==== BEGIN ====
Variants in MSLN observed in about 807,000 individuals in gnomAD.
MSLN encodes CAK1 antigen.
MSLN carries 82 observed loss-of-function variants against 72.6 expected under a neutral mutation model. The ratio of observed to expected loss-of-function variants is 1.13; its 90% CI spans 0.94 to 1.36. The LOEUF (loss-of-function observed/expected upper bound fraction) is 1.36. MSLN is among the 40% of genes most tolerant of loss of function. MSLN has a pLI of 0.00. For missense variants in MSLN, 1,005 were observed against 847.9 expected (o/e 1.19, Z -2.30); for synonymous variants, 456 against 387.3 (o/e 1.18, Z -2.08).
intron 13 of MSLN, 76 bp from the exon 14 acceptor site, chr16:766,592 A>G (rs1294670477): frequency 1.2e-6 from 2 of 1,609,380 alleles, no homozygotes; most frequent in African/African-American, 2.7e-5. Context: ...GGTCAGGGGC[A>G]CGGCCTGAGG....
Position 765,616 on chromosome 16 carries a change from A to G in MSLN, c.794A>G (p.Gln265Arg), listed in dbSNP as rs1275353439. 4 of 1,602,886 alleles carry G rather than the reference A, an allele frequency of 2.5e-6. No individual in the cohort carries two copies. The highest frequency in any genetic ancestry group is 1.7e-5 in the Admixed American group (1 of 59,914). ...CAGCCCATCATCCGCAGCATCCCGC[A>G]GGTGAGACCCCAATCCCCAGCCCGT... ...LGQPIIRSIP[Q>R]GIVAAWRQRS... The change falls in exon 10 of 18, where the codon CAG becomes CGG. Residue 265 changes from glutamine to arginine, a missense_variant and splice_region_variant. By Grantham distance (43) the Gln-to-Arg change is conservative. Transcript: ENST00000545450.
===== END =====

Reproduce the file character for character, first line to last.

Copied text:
Variants in MSLN observed in about 807,000 individuals in gnomAD.
MSLN encodes CAK1 antigen.
MSLN carries 82 observed loss-of-function variants against 72.6 expected under a neutral mutation model. The ratio of observed to expected loss-of-function variants is 1.13; its 90% CI spans 0.94 to 1.36. The LOEUF (loss-of-function observed/expected upper bound fraction) is 1.36. MSLN is among the 40% of genes most tolerant of loss of function. MSLN has a pLI of 0.00. For missense variants in MSLN, 1,005 were observed against 847.9 expected (o/e 1.19, Z -2.30); for synonymous variants, 456 against 387.3 (o/e 1.18, Z -2.08).
intron 13 of MSLN, 76 bp from the exon 14 acceptor site, chr16:766,592 A>G (rs1294670477): frequency 1.2e-6 from 2 of 1,609,380 alleles, no homozygotes; most frequent in African/African-American, 2.7e-5. Context: ...GGTCAGGGGC[A>G]CGGCCTGAGG....
Position 765,616 on chromosome 16 carries a change from A to G in MSLN, c.794A>G (p.Gln265Arg), listed in dbSNP as rs1275353439. 4 of 1,602,886 alleles carry G rather than the reference A, an allele frequency of 2.5e-6. No individual in the cohort carries two copies. The highest frequency in any genetic ancestry group is 1.7e-5 in the Admixed American group (1 of 59,914). ...CAGCCCATCATCCGCAGCATCCCGC[A>G]GGTGAGACCCCAATCCCCAGCCCGT... ...LGQPIIRSIP[Q>R]GIVAAWRQRS... The change falls in exon 10 of 18, where the codon CAG becomes CGG. Residue 265 changes from glutamine to arginine, a missense_variant and splice_region_variant. By Grantham distance (43) the Gln-to-Arg change is conservative. Transcript: ENST00000545450.